- Dec 9, 2008
The non-profit I work for is government financed.
We were trying to expand both our size and range of services for the
community, (not to mention securing better working conditions for the
employees), and many people had been working behind the scenes on this
project for a couple of years. When I started 2 years ago it seemed
little more than a vague idea, but at each new meeting updates showed
it was coming closer and closer to a reality.
I was invited to a last minute meeting, which I was told was very important.
At it we were told that the city (the smallest of 3 funding sources for
the project, but a vital component w/o which it could not happen) had
decided, unilateral, to rescind the (as yet unofficial) offer to back
the project, using the funds for a smaller, independent, temporary,
The federal grant has been pending for almost 3 years, and is due to expire at the end of this year.
We were informed of this change early last week.
Not 'literally' last minute, but about as close as possible.
We had exactly THREE DAYS to prepare, between the sub-committee meeting
where we learned of the potential change, and the general city council
meeting where it would be voted on.
This is not an over-dramatization. We had one chance to get it done, and get it done right.
If we did not convince the city council, the city funds would be
eliminated, which would mean we would lose the half-million dollar
grant, which would mean we would lose the half-million dollars of BART
in other words, this one meeting would decide if it happened or not.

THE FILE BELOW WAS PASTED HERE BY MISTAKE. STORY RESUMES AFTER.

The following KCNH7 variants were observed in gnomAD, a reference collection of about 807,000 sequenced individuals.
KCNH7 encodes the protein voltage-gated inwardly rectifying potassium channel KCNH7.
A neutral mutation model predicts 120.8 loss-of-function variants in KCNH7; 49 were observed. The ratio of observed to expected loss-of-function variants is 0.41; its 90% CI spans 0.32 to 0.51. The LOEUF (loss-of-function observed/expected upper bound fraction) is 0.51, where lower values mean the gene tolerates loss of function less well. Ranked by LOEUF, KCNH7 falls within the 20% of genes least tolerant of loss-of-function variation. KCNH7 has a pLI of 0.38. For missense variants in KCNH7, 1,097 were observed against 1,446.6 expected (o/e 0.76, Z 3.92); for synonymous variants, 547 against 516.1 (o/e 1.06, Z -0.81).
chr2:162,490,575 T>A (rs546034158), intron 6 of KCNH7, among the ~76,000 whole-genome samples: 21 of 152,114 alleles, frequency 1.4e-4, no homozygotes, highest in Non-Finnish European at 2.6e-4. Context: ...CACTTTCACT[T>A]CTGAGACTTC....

Our campaign began the next morning.
It involved, of course, fliers, posters, handouts.
It involved speaking in person to every single patron of our services,
calls to every cycling advocate and supporter in the area, connections
with the downtown business association, the Sierra club, allies in
It involved secret meetings, letters and calls to the city counsel and
mayor's office, and countless, constant, emails between the primary
The technical details about the workings of official political meetings were shared, so we would all know what to expect.
We recruited people who use our services to offer their support in person.
After getting home around 10 or so from a meeting, I was up at 5:30am to open the shop the next morning.
After work at 2, the rest of the day involved preparations for that evening.
6:30pm, co-workers and allies began trickling in.
At 7, as we walked to city hall, others joined us along the way.
Several popular things were on the agenda that night.
New members were being sworn in, which involved ceremony and speeches.
Many people were present to protest the hiring of John Yoo (the guy who
wrote the 'enemy combatant' laws in order to circumvent the Geneva
convention guidelines for treatment of prisoner's of war) by UC
The council hall was full.
We were made to sit in the hallway downstairs.
As our supporters showed up to join us, we passed out signs, and waited
to be let in one by one as people there for other reasons left.
We were #28 on the agenda.
We expected to be there all night, waiting.
As an information item, we would be allowed 3 speakers, 1 minute each, and no vote would be taken at that time.
A council member moved that it be changed to an action item.
The mayor recognized that many people there were for our project, and asked just how many there were.
About 4/5th of the room stood.
The mayor moved it on the agenda to be addressed after the first
information item (a report by the financial analysis department.)
The city staff, which had come up with the alternate plan, gave their report.
They were grilled some on the numbers, and it seemed we at least had a chance.
Our line of people waiting to speak, from the manager of the project,
to the director of BART, to long-time patrons of the service who had
given up their cars only after finding out about us, went to the back
of the room.
It was a long night.